Reading Paul O’Neil’s chapter on the evolution of curatorial practice, discourse and design, I could not help but think of artist Fred Wilson’s work in 1992 in the Maryland Historical Society aptly named “Mining the Museum” in which he used artifacts found in the museum vault that laid bare the hypocrisies and omissions dominant in art discourse at the time –and present today. Wilson combed through the museum collection selecting artifacts that he juxtaposed with pieces from the same period that were “hidden” in deep the institution. His selection included a collection of intricately cast silver tea sets (see below) juxtaposed with a set of slave shackles in the center, thus calling into question the exhibition site (a former slave state) and curatorial position of the museum as purveyor of a dominant historical and cultural narrative.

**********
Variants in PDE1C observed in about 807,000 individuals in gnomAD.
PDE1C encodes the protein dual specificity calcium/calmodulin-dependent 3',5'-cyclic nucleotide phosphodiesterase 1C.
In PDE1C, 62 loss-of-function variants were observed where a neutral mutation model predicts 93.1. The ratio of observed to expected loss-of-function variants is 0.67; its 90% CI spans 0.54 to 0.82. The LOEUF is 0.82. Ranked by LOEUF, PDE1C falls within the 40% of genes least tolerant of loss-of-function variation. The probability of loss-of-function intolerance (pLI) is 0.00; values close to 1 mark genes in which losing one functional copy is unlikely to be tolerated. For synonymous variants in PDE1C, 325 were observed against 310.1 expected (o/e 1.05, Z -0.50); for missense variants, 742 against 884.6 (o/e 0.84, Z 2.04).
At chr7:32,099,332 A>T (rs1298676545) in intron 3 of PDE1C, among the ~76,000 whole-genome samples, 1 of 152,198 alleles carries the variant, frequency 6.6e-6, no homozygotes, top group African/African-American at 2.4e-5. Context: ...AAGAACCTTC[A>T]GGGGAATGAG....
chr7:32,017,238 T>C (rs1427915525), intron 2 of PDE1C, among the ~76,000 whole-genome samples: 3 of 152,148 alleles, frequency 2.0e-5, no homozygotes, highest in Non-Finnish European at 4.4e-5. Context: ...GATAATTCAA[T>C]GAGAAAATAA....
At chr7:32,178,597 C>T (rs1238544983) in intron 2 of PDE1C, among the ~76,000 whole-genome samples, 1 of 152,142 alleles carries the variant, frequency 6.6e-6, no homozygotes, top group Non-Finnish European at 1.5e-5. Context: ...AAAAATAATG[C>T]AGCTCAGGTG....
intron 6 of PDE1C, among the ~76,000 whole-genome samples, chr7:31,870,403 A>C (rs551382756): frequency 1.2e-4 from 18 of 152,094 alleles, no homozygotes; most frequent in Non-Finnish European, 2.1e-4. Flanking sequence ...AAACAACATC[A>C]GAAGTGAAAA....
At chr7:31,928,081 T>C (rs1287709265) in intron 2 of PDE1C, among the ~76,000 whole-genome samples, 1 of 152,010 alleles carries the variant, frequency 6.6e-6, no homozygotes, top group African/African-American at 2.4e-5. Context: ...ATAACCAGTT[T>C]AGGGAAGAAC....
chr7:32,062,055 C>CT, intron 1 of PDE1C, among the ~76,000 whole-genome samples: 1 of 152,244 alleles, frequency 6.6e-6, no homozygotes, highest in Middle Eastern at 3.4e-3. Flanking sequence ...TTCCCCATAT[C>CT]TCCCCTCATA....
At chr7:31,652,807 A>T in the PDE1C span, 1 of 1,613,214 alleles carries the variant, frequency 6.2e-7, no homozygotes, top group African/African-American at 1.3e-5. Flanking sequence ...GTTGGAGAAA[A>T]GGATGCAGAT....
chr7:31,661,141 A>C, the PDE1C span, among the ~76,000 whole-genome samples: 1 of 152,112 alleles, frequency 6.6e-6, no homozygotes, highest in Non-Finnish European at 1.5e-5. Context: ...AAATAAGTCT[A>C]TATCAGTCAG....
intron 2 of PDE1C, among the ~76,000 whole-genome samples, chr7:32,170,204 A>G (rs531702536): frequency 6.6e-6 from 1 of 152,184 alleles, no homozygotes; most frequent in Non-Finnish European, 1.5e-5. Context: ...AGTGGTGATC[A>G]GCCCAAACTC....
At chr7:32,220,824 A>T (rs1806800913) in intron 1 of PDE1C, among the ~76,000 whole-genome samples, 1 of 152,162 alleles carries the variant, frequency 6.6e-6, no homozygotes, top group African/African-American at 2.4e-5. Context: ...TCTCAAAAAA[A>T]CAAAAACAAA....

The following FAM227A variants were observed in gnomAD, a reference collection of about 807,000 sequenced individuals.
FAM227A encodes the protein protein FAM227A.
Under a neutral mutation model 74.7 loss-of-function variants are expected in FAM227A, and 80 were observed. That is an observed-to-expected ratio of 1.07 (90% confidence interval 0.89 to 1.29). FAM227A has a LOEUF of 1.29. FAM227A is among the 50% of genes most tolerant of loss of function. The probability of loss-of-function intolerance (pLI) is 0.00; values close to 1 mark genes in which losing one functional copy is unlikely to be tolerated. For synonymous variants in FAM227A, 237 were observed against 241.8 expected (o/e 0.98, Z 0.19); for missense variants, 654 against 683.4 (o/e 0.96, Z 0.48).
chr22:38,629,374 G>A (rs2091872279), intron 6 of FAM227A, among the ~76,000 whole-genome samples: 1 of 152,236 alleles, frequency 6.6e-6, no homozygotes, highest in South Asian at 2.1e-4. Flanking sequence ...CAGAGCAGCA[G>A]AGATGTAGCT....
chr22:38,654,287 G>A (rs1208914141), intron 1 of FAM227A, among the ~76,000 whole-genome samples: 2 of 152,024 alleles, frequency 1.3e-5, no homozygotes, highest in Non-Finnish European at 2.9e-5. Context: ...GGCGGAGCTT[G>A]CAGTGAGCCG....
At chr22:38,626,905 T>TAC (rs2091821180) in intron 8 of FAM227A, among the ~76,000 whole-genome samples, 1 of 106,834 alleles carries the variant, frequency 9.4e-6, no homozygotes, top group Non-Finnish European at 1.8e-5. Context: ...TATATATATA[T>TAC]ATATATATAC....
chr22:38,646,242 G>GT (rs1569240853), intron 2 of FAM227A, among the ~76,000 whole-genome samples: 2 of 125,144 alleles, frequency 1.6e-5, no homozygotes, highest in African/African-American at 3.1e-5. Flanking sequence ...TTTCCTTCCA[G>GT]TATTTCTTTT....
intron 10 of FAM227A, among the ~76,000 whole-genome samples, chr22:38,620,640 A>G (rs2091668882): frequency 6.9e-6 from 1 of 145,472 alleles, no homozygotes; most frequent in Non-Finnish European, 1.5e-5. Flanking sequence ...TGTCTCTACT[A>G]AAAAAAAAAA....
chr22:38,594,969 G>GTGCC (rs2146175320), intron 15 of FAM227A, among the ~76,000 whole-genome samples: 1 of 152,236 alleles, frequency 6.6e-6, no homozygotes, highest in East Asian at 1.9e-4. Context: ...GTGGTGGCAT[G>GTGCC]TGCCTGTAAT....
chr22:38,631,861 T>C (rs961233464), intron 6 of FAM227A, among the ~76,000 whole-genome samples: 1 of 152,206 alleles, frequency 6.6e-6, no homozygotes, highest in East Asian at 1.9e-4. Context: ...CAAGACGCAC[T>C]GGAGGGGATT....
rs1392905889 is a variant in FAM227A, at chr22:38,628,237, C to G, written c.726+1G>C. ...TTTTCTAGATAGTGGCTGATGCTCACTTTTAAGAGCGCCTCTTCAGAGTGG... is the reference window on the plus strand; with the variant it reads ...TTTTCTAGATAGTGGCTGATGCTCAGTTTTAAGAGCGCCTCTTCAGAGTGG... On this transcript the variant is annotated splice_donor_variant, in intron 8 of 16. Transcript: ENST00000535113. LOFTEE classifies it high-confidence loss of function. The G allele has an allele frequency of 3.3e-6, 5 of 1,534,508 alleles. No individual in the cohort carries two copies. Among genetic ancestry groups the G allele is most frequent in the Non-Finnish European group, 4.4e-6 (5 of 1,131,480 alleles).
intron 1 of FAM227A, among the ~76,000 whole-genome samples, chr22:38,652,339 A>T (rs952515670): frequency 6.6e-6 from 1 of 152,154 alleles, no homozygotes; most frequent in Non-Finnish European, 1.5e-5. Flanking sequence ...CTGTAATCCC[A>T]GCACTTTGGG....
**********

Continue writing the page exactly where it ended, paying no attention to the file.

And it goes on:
I also thought the class might be interested in a critique of an exhibit called Re-Inventing Abstraction at the MoMA a few years ago. It speaks to some of the issues discussed in class the other day about identity and cultural erasure in Guatemala. The work in the exhibition was wonderful, however the curatorial lens was faulty to say the least! http://www.huffingtonpost.com/g-roger-denson/colonizing-abstraction-mo_b_2683159.html